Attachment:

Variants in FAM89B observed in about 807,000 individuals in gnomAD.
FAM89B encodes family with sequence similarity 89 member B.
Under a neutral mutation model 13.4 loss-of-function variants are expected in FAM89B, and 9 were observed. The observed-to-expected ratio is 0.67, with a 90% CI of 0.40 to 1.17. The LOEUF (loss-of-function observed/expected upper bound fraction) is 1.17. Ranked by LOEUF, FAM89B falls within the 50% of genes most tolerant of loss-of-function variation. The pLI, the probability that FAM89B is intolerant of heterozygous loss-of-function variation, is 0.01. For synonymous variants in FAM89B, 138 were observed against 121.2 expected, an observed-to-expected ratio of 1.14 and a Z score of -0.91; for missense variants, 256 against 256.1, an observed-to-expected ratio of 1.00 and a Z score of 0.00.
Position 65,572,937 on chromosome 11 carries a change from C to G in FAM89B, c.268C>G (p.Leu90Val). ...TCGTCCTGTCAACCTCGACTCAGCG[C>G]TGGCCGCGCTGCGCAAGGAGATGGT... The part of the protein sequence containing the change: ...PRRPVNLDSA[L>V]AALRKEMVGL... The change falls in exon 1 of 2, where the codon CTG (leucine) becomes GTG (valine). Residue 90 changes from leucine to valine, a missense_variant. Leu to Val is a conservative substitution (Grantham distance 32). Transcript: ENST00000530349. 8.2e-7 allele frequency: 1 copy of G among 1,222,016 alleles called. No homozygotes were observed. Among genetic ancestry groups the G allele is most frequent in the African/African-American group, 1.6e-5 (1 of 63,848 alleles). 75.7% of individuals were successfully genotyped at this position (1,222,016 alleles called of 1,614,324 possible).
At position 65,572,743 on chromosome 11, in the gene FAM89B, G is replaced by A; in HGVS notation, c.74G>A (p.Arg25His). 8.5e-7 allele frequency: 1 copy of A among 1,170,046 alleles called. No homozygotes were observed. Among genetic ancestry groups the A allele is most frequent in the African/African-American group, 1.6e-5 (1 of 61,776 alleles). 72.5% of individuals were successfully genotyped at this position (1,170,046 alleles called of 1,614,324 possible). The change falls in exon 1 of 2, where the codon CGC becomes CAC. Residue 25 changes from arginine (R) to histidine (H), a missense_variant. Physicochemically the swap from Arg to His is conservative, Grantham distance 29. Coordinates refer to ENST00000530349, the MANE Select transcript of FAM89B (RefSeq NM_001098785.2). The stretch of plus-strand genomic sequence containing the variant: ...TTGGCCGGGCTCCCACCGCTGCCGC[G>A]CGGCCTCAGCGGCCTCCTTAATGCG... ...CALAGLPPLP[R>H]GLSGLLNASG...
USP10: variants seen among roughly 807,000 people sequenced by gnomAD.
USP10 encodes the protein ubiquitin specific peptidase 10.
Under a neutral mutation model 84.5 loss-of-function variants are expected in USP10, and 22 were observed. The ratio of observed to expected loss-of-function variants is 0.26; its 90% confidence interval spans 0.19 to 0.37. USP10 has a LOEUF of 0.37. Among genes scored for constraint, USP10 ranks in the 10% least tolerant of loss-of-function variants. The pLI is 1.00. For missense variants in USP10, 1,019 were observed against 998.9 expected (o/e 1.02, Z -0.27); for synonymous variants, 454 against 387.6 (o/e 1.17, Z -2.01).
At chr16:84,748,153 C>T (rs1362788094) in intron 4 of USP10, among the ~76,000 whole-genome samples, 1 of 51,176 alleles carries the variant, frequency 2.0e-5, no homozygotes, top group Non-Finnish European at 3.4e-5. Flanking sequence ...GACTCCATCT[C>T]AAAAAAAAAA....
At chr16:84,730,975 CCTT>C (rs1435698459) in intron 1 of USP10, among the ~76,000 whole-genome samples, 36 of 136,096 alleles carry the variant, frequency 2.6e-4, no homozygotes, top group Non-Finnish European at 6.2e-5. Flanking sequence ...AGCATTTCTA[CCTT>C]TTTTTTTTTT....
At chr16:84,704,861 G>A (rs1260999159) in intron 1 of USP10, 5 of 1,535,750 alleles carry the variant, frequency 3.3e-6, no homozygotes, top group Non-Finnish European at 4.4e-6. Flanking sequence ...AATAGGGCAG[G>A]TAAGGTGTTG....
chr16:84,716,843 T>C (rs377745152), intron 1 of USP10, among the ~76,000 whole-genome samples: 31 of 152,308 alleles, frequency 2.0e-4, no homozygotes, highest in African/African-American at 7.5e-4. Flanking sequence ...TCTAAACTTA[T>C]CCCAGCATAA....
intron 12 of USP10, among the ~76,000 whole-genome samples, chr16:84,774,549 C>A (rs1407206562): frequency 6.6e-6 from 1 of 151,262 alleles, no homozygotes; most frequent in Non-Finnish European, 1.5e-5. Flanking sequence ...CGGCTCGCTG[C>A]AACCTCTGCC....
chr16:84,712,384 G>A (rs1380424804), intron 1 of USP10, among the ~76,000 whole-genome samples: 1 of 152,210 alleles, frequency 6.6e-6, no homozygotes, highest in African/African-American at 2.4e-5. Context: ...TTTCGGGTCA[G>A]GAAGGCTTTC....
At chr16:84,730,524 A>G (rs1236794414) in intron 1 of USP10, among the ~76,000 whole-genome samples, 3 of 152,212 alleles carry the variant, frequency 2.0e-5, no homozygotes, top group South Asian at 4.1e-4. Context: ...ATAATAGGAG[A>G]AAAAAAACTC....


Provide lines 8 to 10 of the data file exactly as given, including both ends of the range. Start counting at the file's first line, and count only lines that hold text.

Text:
Under a neutral mutation model 84.5 loss-of-function variants are expected in USP10, and 22 were observed. The ratio of observed to expected loss-of-function variants is 0.26; its 90% confidence interval spans 0.19 to 0.37. USP10 has a LOEUF of 0.37. Among genes scored for constraint, USP10 ranks in the 10% least tolerant of loss-of-function variants. The pLI is 1.00. For missense variants in USP10, 1,019 were observed against 998.9 expected (o/e 1.02, Z -0.27); for synonymous variants, 454 against 387.6 (o/e 1.17, Z -2.01).
At chr16:84,748,153 C>T (rs1362788094) in intron 4 of USP10, among the ~76,000 whole-genome samples, 1 of 51,176 alleles carries the variant, frequency 2.0e-5, no homozygotes, top group Non-Finnish European at 3.4e-5. Flanking sequence ...GACTCCATCT[C>T]AAAAAAAAAA....
At chr16:84,730,975 CCTT>C (rs1435698459) in intron 1 of USP10, among the ~76,000 whole-genome samples, 36 of 136,096 alleles carry the variant, frequency 2.6e-4, no homozygotes, top group Non-Finnish European at 6.2e-5. Flanking sequence ...AGCATTTCTA[CCTT>C]TTTTTTTTTT....